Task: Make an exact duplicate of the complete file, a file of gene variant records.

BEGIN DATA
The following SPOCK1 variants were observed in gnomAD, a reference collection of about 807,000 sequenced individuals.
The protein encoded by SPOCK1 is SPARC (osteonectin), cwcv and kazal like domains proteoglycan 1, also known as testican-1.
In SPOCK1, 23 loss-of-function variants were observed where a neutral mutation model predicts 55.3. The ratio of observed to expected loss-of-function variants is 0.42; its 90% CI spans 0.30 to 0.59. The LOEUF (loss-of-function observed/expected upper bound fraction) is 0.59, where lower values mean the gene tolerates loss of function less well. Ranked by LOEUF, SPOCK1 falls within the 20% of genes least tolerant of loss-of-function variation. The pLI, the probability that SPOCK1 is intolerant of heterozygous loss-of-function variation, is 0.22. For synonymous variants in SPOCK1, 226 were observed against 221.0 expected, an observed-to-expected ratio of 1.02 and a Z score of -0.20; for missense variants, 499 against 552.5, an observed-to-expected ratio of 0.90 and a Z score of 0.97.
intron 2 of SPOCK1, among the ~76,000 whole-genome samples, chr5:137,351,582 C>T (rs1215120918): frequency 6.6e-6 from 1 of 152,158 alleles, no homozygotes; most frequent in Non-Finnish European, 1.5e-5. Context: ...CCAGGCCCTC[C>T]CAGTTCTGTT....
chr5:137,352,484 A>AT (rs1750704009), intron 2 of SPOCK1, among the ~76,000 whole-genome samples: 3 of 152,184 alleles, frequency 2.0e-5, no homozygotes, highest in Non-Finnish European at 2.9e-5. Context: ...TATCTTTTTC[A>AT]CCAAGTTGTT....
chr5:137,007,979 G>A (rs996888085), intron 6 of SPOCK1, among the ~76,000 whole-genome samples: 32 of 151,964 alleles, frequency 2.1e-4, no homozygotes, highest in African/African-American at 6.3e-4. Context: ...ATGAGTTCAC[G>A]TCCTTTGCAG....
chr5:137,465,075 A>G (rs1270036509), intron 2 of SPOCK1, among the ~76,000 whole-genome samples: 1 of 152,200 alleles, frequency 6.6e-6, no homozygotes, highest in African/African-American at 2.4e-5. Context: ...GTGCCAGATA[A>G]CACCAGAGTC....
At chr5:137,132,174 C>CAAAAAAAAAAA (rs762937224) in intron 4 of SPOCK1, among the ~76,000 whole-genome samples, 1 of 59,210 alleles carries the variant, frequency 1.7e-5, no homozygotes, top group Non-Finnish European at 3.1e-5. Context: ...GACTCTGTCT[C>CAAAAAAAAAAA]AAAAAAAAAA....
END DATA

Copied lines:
The following SPOCK1 variants were observed in gnomAD, a reference collection of about 807,000 sequenced individuals.
The protein encoded by SPOCK1 is SPARC (osteonectin), cwcv and kazal like domains proteoglycan 1, also known as testican-1.
In SPOCK1, 23 loss-of-function variants were observed where a neutral mutation model predicts 55.3. The ratio of observed to expected loss-of-function variants is 0.42; its 90% CI spans 0.30 to 0.59. The LOEUF (loss-of-function observed/expected upper bound fraction) is 0.59, where lower values mean the gene tolerates loss of function less well. Ranked by LOEUF, SPOCK1 falls within the 20% of genes least tolerant of loss-of-function variation. The pLI, the probability that SPOCK1 is intolerant of heterozygous loss-of-function variation, is 0.22. For synonymous variants in SPOCK1, 226 were observed against 221.0 expected, an observed-to-expected ratio of 1.02 and a Z score of -0.20; for missense variants, 499 against 552.5, an observed-to-expected ratio of 0.90 and a Z score of 0.97.
intron 2 of SPOCK1, among the ~76,000 whole-genome samples, chr5:137,351,582 C>T (rs1215120918): frequency 6.6e-6 from 1 of 152,158 alleles, no homozygotes; most frequent in Non-Finnish European, 1.5e-5. Context: ...CCAGGCCCTC[C>T]CAGTTCTGTT....
chr5:137,352,484 A>AT (rs1750704009), intron 2 of SPOCK1, among the ~76,000 whole-genome samples: 3 of 152,184 alleles, frequency 2.0e-5, no homozygotes, highest in Non-Finnish European at 2.9e-5. Context: ...TATCTTTTTC[A>AT]CCAAGTTGTT....
chr5:137,007,979 G>A (rs996888085), intron 6 of SPOCK1, among the ~76,000 whole-genome samples: 32 of 151,964 alleles, frequency 2.1e-4, no homozygotes, highest in African/African-American at 6.3e-4. Context: ...ATGAGTTCAC[G>A]TCCTTTGCAG....
chr5:137,465,075 A>G (rs1270036509), intron 2 of SPOCK1, among the ~76,000 whole-genome samples: 1 of 152,200 alleles, frequency 6.6e-6, no homozygotes, highest in African/African-American at 2.4e-5. Context: ...GTGCCAGATA[A>G]CACCAGAGTC....
At chr5:137,132,174 C>CAAAAAAAAAAA (rs762937224) in intron 4 of SPOCK1, among the ~76,000 whole-genome samples, 1 of 59,210 alleles carries the variant, frequency 1.7e-5, no homozygotes, top group Non-Finnish European at 3.1e-5. Context: ...GACTCTGTCT[C>CAAAAAAAAAAA]AAAAAAAAAA....